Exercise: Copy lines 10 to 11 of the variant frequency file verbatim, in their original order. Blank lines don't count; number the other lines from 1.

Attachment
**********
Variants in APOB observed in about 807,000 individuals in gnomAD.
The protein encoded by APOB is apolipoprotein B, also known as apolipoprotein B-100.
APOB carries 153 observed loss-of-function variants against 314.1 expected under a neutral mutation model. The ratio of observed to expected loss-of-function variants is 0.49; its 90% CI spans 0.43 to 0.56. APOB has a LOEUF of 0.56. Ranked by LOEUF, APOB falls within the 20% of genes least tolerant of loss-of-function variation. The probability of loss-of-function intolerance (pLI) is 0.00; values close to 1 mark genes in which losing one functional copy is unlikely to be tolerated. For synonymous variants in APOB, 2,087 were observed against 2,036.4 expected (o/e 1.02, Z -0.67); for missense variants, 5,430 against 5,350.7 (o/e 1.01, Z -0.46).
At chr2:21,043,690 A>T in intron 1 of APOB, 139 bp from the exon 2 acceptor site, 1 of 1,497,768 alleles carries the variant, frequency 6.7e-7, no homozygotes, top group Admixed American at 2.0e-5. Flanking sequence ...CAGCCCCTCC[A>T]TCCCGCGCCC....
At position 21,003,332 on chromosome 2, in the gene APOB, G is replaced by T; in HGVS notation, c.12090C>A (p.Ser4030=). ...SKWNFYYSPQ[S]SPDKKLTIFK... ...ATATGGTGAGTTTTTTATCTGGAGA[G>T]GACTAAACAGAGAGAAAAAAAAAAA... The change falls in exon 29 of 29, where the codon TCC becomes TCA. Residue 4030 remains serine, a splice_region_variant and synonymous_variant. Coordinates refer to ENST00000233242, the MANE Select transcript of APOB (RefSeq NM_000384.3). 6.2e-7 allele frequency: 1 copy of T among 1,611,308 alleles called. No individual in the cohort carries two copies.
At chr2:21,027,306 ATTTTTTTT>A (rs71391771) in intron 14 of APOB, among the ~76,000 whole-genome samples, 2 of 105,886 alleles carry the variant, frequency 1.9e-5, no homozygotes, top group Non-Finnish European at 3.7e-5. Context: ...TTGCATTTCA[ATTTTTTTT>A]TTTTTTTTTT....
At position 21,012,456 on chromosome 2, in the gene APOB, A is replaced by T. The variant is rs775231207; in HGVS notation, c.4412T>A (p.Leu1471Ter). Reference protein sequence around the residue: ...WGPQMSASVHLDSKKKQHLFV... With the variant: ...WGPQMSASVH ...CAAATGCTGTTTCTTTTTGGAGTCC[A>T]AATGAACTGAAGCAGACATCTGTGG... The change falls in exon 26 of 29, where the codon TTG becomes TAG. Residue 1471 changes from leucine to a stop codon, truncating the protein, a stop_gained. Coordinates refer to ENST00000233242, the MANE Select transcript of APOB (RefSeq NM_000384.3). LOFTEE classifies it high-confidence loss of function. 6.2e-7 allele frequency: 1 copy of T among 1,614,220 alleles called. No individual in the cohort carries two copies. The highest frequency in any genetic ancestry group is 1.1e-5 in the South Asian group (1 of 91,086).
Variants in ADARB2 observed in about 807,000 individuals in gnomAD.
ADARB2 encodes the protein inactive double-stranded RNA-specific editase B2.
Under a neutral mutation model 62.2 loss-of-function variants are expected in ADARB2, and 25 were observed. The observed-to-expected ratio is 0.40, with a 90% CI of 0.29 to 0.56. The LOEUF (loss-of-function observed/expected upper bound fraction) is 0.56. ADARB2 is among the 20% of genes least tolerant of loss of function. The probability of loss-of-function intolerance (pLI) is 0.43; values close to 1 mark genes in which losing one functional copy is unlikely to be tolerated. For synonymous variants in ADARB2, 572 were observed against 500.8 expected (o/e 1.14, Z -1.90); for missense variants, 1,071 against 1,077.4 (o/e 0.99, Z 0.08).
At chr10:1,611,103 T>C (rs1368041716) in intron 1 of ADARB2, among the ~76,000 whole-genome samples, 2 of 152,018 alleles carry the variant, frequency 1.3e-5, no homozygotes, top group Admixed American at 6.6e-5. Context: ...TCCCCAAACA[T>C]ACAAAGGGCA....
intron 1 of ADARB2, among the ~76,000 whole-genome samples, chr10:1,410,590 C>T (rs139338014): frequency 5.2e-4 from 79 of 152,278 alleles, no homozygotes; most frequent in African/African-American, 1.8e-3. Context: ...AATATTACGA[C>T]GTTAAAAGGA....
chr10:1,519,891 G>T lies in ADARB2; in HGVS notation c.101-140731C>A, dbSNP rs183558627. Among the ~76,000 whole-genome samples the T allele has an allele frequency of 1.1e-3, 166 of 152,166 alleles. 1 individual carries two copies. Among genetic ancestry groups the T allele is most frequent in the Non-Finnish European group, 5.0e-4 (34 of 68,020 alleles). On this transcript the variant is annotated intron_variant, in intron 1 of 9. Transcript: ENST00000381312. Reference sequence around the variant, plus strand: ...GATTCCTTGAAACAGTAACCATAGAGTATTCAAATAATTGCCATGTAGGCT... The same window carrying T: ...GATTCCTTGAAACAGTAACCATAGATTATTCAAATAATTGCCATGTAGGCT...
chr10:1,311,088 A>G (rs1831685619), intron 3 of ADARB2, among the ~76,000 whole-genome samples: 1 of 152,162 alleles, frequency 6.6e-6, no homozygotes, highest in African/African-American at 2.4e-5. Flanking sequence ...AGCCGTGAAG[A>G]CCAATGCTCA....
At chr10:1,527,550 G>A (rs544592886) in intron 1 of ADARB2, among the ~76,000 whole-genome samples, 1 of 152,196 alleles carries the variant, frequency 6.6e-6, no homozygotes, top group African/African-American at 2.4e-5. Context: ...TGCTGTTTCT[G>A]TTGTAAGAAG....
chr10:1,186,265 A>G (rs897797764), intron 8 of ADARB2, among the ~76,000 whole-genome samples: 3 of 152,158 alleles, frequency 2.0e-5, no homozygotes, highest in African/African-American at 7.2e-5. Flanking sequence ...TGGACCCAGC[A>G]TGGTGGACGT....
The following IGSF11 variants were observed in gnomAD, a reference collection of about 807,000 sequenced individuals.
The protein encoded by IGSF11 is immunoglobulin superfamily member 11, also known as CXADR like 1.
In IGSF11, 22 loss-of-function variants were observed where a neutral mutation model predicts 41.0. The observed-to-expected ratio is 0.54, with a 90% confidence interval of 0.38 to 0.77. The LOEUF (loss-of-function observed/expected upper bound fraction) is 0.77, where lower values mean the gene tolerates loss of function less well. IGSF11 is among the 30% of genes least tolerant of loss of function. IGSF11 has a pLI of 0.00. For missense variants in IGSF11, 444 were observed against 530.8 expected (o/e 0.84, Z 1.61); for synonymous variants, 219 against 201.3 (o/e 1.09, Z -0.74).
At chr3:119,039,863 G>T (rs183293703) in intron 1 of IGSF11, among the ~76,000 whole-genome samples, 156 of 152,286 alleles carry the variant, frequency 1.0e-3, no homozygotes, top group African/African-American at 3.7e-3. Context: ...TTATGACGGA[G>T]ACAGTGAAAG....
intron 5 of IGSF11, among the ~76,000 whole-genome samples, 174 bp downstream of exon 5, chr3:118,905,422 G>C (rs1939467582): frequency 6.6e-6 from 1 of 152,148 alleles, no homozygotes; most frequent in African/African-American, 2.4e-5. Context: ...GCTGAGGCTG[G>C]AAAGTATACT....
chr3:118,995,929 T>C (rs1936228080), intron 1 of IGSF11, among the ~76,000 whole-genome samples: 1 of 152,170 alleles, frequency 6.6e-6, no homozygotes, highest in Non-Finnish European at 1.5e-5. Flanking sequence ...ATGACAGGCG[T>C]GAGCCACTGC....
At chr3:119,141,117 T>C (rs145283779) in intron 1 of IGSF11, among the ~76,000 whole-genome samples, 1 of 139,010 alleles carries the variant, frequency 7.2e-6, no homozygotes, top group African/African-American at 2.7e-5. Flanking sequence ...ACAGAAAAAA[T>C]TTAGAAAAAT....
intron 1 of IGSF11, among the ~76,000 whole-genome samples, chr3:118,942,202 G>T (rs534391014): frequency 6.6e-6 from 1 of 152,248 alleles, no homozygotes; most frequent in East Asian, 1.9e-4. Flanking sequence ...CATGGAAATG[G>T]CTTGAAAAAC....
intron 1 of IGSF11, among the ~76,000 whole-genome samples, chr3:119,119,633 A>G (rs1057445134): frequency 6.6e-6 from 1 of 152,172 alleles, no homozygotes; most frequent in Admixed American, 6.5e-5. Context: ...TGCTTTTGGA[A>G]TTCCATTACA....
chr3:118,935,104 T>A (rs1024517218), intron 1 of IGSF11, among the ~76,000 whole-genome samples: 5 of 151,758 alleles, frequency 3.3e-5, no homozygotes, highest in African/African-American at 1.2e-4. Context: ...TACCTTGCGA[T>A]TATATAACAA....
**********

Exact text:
Under a neutral mutation model 62.2 loss-of-function variants are expected in ADARB2, and 25 were observed. The observed-to-expected ratio is 0.40, with a 90% CI of 0.29 to 0.56. The LOEUF (loss-of-function observed/expected upper bound fraction) is 0.56. ADARB2 is among the 20% of genes least tolerant of loss of function. The probability of loss-of-function intolerance (pLI) is 0.43; values close to 1 mark genes in which losing one functional copy is unlikely to be tolerated. For synonymous variants in ADARB2, 572 were observed against 500.8 expected (o/e 1.14, Z -1.90); for missense variants, 1,071 against 1,077.4 (o/e 0.99, Z 0.08).
At chr10:1,611,103 T>C (rs1368041716) in intron 1 of ADARB2, among the ~76,000 whole-genome samples, 2 of 152,018 alleles carry the variant, frequency 1.3e-5, no homozygotes, top group Admixed American at 6.6e-5. Context: ...TCCCCAAACA[T>C]ACAAAGGGCA....